MISSION: Santa Cruz Open Streets fosters individual and community health through creative use of public space.
Open Streets Santa Cruz County (OSSCC) organizes FREE, family-friendly community events which temporarily block car traffic and open the entire roadway for people to bike, walk and play in a safe and enjoyable environment.
Open Streets events also include free activities, music and performances, in addition to educational outreach booths hosted by local community organizations and sponsors.
OSSCC partners with a variety of public, non-profit and private entities, including: neighborhood and community groups; environmental, health and bicycle and pedestrian advocacy organizations; parks and recreation and health departments; as well as transportation agencies.
The long-term vision is to establish a sustained program of repeating events in diverse locations of Santa Cruz County.
Benefits of Open Streets
- Promotes physical activity and health
- Promotes a culture of bicycling and walking
- Fosters community, quality of life and civic pride
- Increases safety and access to the roadway for users of all ages, abilities and modes
- Promotes enjoyment and care for the natural environment
- Boosts the local economy through business promotion and eco-tourism
- Inspires discussion about creative use of public space
OSSCC was launched in March 2012 by founder and director, Saskia Lucas. Inspired by the national and international movement of Open Streets events and by personal experiences of the joys and benefits of active recreation in traffic-free public spaces, she decided to begin a local initiative.
The first Open Streets event in Santa Cruz County took place in October 2012on West Cliff Drivein the City of Santa Cruz. This inaugural event was an overwhelming success with over 9,000 people attending. The 2nd Annual Santa Cruz Open Streets (SCOS) took place in October 2013 and again attracted over 9,000 participants, as well as enthusiastic support for continued events.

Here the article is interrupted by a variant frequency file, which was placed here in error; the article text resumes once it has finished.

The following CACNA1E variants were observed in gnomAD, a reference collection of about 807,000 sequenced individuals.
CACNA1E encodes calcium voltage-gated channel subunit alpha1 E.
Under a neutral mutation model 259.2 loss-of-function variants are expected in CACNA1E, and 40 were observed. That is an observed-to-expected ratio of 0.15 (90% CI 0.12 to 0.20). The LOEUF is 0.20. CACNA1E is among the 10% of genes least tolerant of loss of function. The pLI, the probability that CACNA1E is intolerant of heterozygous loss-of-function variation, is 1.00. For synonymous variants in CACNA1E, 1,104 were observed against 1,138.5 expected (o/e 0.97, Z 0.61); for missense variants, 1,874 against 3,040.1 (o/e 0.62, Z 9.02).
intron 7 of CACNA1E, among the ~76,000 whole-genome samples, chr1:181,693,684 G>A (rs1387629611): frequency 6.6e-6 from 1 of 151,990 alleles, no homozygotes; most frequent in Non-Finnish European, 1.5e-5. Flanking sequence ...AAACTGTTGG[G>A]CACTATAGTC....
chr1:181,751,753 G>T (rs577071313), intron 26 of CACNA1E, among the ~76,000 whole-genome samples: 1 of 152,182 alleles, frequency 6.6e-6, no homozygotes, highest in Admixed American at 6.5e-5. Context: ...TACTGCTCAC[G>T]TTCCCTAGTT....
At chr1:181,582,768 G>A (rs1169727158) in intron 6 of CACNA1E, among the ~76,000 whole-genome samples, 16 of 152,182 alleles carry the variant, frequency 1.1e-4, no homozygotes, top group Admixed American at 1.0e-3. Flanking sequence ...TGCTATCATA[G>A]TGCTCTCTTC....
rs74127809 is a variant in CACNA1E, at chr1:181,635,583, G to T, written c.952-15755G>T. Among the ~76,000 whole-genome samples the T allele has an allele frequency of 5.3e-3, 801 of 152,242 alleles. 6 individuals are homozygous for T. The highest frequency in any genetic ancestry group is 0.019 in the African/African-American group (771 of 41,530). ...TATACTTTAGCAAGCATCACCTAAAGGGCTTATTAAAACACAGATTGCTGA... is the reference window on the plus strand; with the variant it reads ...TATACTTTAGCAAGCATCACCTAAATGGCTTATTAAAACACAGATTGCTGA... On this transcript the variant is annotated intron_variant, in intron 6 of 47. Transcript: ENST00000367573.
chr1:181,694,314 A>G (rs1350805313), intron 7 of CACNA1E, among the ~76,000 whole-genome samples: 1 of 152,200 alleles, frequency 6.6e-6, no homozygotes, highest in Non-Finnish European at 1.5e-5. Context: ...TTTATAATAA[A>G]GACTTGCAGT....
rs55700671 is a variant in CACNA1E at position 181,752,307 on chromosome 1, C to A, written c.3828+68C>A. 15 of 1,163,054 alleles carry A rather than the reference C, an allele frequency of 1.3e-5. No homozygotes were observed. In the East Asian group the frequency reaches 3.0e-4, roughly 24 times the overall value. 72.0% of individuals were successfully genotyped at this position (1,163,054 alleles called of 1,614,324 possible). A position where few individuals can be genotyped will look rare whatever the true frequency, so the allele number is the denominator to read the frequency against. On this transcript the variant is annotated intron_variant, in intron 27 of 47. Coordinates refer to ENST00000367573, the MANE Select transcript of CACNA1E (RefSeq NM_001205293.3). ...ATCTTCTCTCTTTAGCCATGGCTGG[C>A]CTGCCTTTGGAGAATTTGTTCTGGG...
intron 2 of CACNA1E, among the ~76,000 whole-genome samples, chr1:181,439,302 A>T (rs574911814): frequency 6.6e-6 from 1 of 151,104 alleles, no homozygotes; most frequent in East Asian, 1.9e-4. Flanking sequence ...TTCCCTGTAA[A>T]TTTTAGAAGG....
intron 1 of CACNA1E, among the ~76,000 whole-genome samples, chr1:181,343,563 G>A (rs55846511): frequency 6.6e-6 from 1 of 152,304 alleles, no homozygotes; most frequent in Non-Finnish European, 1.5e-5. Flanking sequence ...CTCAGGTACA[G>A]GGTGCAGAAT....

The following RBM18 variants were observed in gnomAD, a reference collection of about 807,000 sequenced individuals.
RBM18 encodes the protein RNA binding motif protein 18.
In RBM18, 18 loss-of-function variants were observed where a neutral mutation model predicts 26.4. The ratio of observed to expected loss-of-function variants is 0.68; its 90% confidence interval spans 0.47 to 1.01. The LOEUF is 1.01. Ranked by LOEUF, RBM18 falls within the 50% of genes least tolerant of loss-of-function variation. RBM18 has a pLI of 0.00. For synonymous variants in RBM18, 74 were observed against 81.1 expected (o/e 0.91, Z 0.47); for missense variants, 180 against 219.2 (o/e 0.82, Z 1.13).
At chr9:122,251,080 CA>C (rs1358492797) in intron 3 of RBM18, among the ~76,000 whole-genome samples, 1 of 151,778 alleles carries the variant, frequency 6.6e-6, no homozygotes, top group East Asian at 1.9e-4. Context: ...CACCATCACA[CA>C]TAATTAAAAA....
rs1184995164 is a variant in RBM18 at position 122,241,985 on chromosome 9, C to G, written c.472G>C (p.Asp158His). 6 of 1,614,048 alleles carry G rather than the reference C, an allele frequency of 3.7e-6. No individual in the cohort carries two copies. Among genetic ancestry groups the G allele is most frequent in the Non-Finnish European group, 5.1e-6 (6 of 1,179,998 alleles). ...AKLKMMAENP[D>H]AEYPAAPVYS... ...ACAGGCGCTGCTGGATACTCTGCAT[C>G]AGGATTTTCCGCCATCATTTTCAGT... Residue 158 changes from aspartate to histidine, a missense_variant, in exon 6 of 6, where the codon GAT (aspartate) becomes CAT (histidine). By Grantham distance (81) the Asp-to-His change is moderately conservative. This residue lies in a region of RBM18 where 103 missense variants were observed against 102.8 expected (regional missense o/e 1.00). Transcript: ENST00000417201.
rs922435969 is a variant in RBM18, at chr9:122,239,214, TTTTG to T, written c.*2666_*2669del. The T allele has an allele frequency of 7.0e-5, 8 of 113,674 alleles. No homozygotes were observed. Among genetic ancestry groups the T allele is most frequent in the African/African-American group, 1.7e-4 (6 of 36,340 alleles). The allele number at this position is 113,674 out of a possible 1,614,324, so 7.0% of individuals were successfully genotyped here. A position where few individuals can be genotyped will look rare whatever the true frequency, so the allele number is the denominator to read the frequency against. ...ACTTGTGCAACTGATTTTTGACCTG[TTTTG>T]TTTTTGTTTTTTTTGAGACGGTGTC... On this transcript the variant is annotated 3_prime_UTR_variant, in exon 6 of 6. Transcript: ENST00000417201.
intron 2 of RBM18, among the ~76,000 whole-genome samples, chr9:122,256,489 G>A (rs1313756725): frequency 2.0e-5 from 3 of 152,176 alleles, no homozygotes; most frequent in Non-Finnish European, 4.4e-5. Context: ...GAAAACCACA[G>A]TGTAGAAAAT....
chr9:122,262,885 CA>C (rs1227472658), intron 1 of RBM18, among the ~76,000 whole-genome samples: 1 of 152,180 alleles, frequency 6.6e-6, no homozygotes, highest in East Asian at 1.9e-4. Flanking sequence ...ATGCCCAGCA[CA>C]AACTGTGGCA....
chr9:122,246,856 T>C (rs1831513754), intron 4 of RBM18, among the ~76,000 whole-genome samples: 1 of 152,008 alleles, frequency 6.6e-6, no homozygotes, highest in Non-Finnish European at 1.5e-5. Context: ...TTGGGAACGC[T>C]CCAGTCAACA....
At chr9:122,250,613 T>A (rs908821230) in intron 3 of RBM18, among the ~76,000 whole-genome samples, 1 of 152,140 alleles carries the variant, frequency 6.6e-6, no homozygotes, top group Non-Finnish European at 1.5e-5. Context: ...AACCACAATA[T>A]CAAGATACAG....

The 3rd Annual SCOS on West Cliff Drive, as well as two new Open Streets events in the Cities of Capitola and Watsonville are planned to take place in 2014/2015.
Santa Cruz Open Streets is part of a growing movement of events in cities in the US and around the world that temporarily transform city streets into parks where people can come and enjoy active outdoor recreation in a safe and enjoyable car-free environment. In the US alone there are now over 100 cities with Open Streets events.
For more information, visit the national clearing house for Open Street events and resources at: http://openstreetsproject.org/
The following excerpt comes from the Open Streets Guide, Street Plans Collaborative and Alliance for Biking and Walking, Volume 1 – February 2012, www.openstreetsproject.org
“Many North American open streets initiatives draw inspiration from those held in Central and South America, where they are called “ciclo-vías.” The term, which translates to English as “bike path,” was coined in Bogotá, Colombia, a city that began experimenting with its model Ciclovía initiative in 1974…With approximately 120 km (70 miles) of streets open for non-motorized activity each Sunday and holiday, and weekly participation rates that can exceed one million, Bogotá is the de facto leader of this growing global movement.
However, before there was Ciclovía in Bogotá, there was “Seattle Bicycle Sundays,” a car-free initiative connecting several parks along a 3-mile stretch of Lake Washington Boulevard. Launched in 1965, Seattle’s on-going effort predates Bogotá’s Ciclovía by nearly a decade. Additionally, Seattle’s Bicycle Sunday promptly inspired similar initiatives in the parks and parkways of New York City (1966), San Francisco (1967), and Ottawa (1970), making open streets a decidedly North American phenomenon.
Despite sharing a few basic characteristics—temporary car-free streets, community involvement—open streets should not be con-fused with block parties or street fairs because the core objectives are fundamentally different. Indeed, while street fairs and block parties provide positive community benefits, they do not explicitly support physical activity or the broadening of transportation choices.”